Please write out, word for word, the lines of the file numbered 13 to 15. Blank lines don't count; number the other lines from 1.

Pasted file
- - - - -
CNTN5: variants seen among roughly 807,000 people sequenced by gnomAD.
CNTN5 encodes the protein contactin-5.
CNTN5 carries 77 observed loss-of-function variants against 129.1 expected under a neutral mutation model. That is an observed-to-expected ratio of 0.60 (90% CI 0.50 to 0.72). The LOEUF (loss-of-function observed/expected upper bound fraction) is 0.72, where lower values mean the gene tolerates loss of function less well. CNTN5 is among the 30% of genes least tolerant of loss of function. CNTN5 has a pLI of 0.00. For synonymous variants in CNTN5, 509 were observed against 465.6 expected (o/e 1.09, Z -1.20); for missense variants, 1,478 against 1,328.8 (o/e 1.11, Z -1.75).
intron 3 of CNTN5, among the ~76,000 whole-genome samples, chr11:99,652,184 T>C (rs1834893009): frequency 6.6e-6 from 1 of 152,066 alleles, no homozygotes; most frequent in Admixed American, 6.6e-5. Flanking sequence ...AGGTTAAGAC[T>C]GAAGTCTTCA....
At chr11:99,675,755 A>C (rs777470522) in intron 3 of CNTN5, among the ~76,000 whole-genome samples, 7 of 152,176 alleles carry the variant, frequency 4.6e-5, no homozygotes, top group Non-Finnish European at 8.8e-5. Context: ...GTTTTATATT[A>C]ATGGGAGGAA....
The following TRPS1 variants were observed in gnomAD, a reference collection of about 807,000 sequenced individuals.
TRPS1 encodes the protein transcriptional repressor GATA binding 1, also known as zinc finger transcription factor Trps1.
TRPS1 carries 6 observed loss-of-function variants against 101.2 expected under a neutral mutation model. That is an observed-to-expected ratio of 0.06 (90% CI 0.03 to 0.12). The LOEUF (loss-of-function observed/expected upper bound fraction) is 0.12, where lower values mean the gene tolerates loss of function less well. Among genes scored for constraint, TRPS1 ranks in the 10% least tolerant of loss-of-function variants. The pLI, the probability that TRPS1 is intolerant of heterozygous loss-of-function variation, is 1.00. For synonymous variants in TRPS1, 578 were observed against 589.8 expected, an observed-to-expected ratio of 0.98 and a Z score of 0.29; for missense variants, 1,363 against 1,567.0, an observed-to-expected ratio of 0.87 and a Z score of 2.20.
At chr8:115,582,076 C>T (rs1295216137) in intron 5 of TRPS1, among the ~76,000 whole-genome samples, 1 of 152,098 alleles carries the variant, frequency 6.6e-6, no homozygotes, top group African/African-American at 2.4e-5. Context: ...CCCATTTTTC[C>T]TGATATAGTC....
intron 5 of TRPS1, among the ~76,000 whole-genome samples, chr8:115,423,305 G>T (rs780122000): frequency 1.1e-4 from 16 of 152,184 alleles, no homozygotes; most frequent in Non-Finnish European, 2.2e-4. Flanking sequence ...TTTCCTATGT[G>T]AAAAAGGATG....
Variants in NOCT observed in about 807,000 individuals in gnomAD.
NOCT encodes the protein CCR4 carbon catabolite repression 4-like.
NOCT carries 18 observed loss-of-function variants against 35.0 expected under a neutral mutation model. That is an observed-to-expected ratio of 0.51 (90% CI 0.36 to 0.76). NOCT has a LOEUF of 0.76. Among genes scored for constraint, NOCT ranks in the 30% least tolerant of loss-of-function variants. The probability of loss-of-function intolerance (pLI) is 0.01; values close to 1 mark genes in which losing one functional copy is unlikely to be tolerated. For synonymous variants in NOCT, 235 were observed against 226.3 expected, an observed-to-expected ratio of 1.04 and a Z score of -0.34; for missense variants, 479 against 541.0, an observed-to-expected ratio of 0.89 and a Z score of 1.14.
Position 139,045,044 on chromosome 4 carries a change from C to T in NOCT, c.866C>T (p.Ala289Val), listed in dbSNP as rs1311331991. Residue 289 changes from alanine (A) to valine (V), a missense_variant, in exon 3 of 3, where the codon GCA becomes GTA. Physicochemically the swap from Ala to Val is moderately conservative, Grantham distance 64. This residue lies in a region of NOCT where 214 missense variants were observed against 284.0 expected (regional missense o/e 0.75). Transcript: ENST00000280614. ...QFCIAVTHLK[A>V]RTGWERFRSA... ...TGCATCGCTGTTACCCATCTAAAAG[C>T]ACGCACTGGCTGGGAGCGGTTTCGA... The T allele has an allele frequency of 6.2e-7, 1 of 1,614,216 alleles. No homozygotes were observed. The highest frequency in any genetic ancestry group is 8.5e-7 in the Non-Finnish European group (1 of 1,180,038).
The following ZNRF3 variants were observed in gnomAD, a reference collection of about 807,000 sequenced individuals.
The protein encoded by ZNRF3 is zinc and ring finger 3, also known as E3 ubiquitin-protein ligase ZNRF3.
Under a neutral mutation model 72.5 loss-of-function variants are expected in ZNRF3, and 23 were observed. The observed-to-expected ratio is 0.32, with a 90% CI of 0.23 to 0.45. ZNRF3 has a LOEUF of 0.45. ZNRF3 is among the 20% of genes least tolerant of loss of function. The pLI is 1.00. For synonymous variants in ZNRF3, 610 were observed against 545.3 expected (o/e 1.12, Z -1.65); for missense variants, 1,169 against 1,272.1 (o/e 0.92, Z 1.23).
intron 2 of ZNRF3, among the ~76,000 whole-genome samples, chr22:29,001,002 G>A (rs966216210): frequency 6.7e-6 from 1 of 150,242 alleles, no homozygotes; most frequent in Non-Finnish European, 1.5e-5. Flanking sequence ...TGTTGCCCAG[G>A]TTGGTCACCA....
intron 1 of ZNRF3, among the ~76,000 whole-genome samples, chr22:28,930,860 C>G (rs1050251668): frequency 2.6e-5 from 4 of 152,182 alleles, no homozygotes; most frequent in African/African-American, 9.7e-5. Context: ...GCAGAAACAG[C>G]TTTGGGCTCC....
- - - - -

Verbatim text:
NOCT carries 18 observed loss-of-function variants against 35.0 expected under a neutral mutation model. That is an observed-to-expected ratio of 0.51 (90% CI 0.36 to 0.76). NOCT has a LOEUF of 0.76. Among genes scored for constraint, NOCT ranks in the 30% least tolerant of loss-of-function variants. The probability of loss-of-function intolerance (pLI) is 0.01; values close to 1 mark genes in which losing one functional copy is unlikely to be tolerated. For synonymous variants in NOCT, 235 were observed against 226.3 expected, an observed-to-expected ratio of 1.04 and a Z score of -0.34; for missense variants, 479 against 541.0, an observed-to-expected ratio of 0.89 and a Z score of 1.14.
Position 139,045,044 on chromosome 4 carries a change from C to T in NOCT, c.866C>T (p.Ala289Val), listed in dbSNP as rs1311331991. Residue 289 changes from alanine (A) to valine (V), a missense_variant, in exon 3 of 3, where the codon GCA becomes GTA. Physicochemically the swap from Ala to Val is moderately conservative, Grantham distance 64. This residue lies in a region of NOCT where 214 missense variants were observed against 284.0 expected (regional missense o/e 0.75). Transcript: ENST00000280614. ...QFCIAVTHLK[A>V]RTGWERFRSA... ...TGCATCGCTGTTACCCATCTAAAAG[C>T]ACGCACTGGCTGGGAGCGGTTTCGA... The T allele has an allele frequency of 6.2e-7, 1 of 1,614,216 alleles. No homozygotes were observed. The highest frequency in any genetic ancestry group is 8.5e-7 in the Non-Finnish European group (1 of 1,180,038).
The following ZNRF3 variants were observed in gnomAD, a reference collection of about 807,000 sequenced individuals.